Iran Sport

Many sports are practiced in Iran, both traditional and modern. Tehran, for example, was the first city in West Asia to host the Asian Games in 1974, and continues to host and participate in major international sporting events to this day. Freestyle wrestling has been traditionally regarded as Iran’s national sport, however today, football is the most popular sport in Iran.

Traditional sports

Wrestling

Wrestling has a very long tradition and history in Iran and often even referred to as its national sport. There are many styles of folk wrestling, from Varzesh-e Pahlavani to Zurkhaneh which have similarities with modern freestyle wrestling.

Both freestyle and Greco-Roman wrestling, particularly freestyle, are popular in Iran. Mazandaran is the main power in the country and wrestling is part of its culture. Tehran, Kermanshah, Khorasan and Hamedan also produce many talented wrestlers.

With a history of great wrestlers, such as Gholamreza Takhti (two-time champion at freestyle wrestling World Championships: 1959 and 1961), Iran is considered among the elite nations in this sport.

POLO (Chougan)

It is believed that Polo first originated in Persia ages ago. The poet Firdowsi described royal polo tournaments in his 9th century epic, the Shahnameh. Polo competitions are the subject of many traditional paintings in Iran.

Despite the emphasis in Islam on learning the equestrian arts, in modern times, especially after the 1979 Iranian revolution, the equestrian sports fell out of favor in Iran, as they were associated with the aristocracy. However, recent signs suggest that it may be witnessing a comeback, with renewed interest in the sport.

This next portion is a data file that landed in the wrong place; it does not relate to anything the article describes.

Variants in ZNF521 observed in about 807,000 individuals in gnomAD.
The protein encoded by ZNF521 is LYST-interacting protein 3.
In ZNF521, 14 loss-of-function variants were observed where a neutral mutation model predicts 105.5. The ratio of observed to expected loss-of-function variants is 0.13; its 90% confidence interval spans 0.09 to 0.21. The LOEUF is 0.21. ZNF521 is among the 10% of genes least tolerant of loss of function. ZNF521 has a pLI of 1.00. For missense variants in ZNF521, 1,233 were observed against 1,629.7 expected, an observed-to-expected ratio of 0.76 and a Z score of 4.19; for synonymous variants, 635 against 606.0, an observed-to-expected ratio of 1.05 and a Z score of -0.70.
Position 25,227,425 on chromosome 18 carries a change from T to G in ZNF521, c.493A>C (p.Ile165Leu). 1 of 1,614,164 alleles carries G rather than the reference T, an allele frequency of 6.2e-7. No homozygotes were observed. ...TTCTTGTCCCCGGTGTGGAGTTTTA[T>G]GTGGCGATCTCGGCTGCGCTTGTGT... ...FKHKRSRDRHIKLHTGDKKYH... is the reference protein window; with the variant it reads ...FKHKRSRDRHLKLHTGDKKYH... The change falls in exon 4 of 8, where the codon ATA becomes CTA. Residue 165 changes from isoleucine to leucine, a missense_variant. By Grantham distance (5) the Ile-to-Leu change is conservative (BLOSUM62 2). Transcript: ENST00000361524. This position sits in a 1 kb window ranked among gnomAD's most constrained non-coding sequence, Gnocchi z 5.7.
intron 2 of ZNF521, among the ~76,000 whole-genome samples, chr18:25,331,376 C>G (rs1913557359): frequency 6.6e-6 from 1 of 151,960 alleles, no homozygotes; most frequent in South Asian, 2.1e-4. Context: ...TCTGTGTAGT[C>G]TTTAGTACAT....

Horse racing is a very popular sport between Turkmens of Iran, and there are two great Gymnasium of horse racing at Gonbad Kavous and Bandar Torkaman. Competitions are not international and not broadcast but considerable prizes are given to winners. Lottery only for horse racing (and archery) is not prohibited in Islam

Takhteh Nard

Takhteh Nard: Backgammon is the name by which Takhteh Nard meaning “Battle on Wood” is known outside Iran. This traditional board game is believed to have originated in Mesopotamia in the ancient Persian Empire. In earlier times, the game was played on wooden boards or tables with flat stones with numbered dice crafted from wood, stone, pottery and even bone.

This game too fell out of official favor after the Revolution. Its popularity with the modern day generation in Iran however continues to be high and it’s extremely popular in the countries of the Far East as well as Greece and Italy. The oldest backgammon with 60 pieces was discovered in South Eastern Iran, thereby substantiating the claim that the game originated in Persia.